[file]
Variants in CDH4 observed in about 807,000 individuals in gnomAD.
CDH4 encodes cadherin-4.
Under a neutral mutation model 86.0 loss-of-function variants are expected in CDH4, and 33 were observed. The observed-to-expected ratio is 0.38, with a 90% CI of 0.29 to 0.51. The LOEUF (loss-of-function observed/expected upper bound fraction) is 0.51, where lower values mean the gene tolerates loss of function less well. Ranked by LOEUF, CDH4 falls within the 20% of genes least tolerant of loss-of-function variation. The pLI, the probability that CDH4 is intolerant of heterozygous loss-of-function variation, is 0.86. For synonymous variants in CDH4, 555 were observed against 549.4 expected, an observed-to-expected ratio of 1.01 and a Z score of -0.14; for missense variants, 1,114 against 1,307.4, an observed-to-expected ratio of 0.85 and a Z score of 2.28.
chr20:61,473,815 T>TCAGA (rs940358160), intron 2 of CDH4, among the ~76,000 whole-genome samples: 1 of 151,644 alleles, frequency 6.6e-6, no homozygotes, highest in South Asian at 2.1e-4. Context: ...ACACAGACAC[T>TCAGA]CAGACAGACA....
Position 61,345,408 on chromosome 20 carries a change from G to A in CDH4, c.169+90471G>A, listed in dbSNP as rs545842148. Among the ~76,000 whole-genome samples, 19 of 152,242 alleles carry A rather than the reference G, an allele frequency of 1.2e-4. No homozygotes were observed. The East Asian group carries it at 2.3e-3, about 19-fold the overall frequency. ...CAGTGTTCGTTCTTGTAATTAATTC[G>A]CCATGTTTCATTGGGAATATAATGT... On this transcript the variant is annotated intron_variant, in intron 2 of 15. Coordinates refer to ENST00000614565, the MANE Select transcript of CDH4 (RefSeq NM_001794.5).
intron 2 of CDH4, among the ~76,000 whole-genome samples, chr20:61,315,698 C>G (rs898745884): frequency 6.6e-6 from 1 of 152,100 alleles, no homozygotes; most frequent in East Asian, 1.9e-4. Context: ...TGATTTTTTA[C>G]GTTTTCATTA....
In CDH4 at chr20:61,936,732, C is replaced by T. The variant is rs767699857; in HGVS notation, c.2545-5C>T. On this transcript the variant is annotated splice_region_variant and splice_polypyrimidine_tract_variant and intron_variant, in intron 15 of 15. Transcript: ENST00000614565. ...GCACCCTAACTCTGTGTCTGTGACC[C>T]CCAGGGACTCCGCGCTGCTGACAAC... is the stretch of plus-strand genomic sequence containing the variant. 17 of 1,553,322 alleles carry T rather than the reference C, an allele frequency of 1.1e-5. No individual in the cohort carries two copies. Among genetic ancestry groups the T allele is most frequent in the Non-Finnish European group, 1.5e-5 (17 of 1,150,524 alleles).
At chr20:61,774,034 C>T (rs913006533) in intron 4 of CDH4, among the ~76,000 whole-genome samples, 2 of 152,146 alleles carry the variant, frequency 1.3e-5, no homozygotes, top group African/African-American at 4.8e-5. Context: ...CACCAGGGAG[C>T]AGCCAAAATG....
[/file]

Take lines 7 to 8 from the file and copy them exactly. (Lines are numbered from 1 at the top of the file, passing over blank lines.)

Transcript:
In CDH4 at chr20:61,936,732, C is replaced by T. The variant is rs767699857; in HGVS notation, c.2545-5C>T. On this transcript the variant is annotated splice_region_variant and splice_polypyrimidine_tract_variant and intron_variant, in intron 15 of 15. Transcript: ENST00000614565. ...GCACCCTAACTCTGTGTCTGTGACC[C>T]CCAGGGACTCCGCGCTGCTGACAAC... is the stretch of plus-strand genomic sequence containing the variant. 17 of 1,553,322 alleles carry T rather than the reference C, an allele frequency of 1.1e-5. No individual in the cohort carries two copies. Among genetic ancestry groups the T allele is most frequent in the Non-Finnish European group, 1.5e-5 (17 of 1,150,524 alleles).
At chr20:61,774,034 C>T (rs913006533) in intron 4 of CDH4, among the ~76,000 whole-genome samples, 2 of 152,146 alleles carry the variant, frequency 1.3e-5, no homozygotes, top group African/African-American at 4.8e-5. Context: ...CACCAGGGAG[C>T]AGCCAAAATG....